“It is about making history, but it is so much more,”
expressed Senator Catherine Cortez Masto on becoming the first Latina Senator in U.S. history at the LATINA Style 50 and Diversity Leaders reception. “For me it is about having a voice at the table to represent Latinos on the issues and principles and things that we care about and letting those young girls see that whatever they seek, whatever opportunities they want to have, they can achieve.”
On the evening of February 8th, LATINA Style honored Cortez Masto with the Trailblazer Award in recognition of her accomplishment as the first Latina Senator, for her leadership, work and commitment to serving the United States.
Born and raised in Nevada of Mexican descent, Cortez Masto is making history as the first and only Latina in the U.S. Senate. With women making less than a quarter of the representation in Congress —21 women senators currently serving—Cortez Masto doesn’t believe this is enough.
Today, she uses her voice to create change, believing women need to be at the table to bring different perspectives. “In government, I’ve always felt that if you’re going to truly represent your constituents, you need to be just as diverse as those you represent,” she shares via Tumblr. “But I don’t think simply being a Latina Senator is the key here. Now, it’s my turn to leave behind an open door for women who want to follow in my footsteps. We must ensure that those that work hard and play by the rules can succeed at becoming whoever they want– that the tools and resources are there to help them get ahead. And that’s exactly what I’m going to work for every day.”
Involved in her community at a young age, Cortez Masto, along with her family, worked to help those in need. “My father would ride his bike all over town to talk to people, engage with them and fight for them,” she shares. “When he was discriminated against because he was Hispanic, someone opened doors for him and that’s why he opened doors for others.”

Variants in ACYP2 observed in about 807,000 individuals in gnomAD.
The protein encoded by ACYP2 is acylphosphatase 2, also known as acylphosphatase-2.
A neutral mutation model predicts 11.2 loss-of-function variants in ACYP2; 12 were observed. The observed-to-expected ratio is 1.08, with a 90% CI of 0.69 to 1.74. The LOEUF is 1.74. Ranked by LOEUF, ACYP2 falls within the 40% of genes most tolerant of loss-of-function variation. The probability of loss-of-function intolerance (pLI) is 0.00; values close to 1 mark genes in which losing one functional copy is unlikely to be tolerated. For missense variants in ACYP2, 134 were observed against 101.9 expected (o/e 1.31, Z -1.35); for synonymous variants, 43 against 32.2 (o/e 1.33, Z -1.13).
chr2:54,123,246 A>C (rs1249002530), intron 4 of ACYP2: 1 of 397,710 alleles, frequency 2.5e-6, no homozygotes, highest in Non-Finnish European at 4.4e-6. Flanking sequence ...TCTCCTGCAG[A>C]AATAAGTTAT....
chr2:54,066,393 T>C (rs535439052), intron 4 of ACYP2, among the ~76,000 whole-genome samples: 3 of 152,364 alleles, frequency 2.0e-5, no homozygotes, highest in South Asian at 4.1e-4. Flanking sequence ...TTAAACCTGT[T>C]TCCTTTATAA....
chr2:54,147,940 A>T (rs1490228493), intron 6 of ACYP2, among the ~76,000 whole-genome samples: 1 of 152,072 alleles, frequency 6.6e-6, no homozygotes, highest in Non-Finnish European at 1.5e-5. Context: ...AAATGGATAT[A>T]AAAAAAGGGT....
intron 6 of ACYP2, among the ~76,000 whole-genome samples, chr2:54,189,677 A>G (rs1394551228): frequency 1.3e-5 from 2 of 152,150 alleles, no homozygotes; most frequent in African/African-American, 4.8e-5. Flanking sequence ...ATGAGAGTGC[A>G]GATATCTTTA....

Her drive to fight for people and run for office to represent them came about after she went into private practice as a lawyer and worked on a pro bono case where she helped a young couple trying to save their property. “I ran for office to represent people, their stories and their struggles,” she shares.
Serving two terms as Nevada’s Attorney General and her role as Chief of Staff to Governor Bob Miller making ‘behind the scenes’ decisions motivated her to run for a seat in the Senate. She felt it was time for her to stand up and fight for the issues she cares about, and represent her constituents.
Diversity in politics is one element Cortez Masto brings to the halls of government. She met recently with Latina Senate staffers to discuss the importance of increasing workforce diversity and ensuring equal pay for equal work throughout the country. The group discussed obstacles women face throughout their careers in Senate offices, succession planning, and lack of diversity on Capitol Hill.
Whether it is by partnering with organizations to ensure women and students of color have access to internship and employment opportunities in Congress or through mentoring opportunities, Cortez Masto aims to increase the needed representation of women at all levels.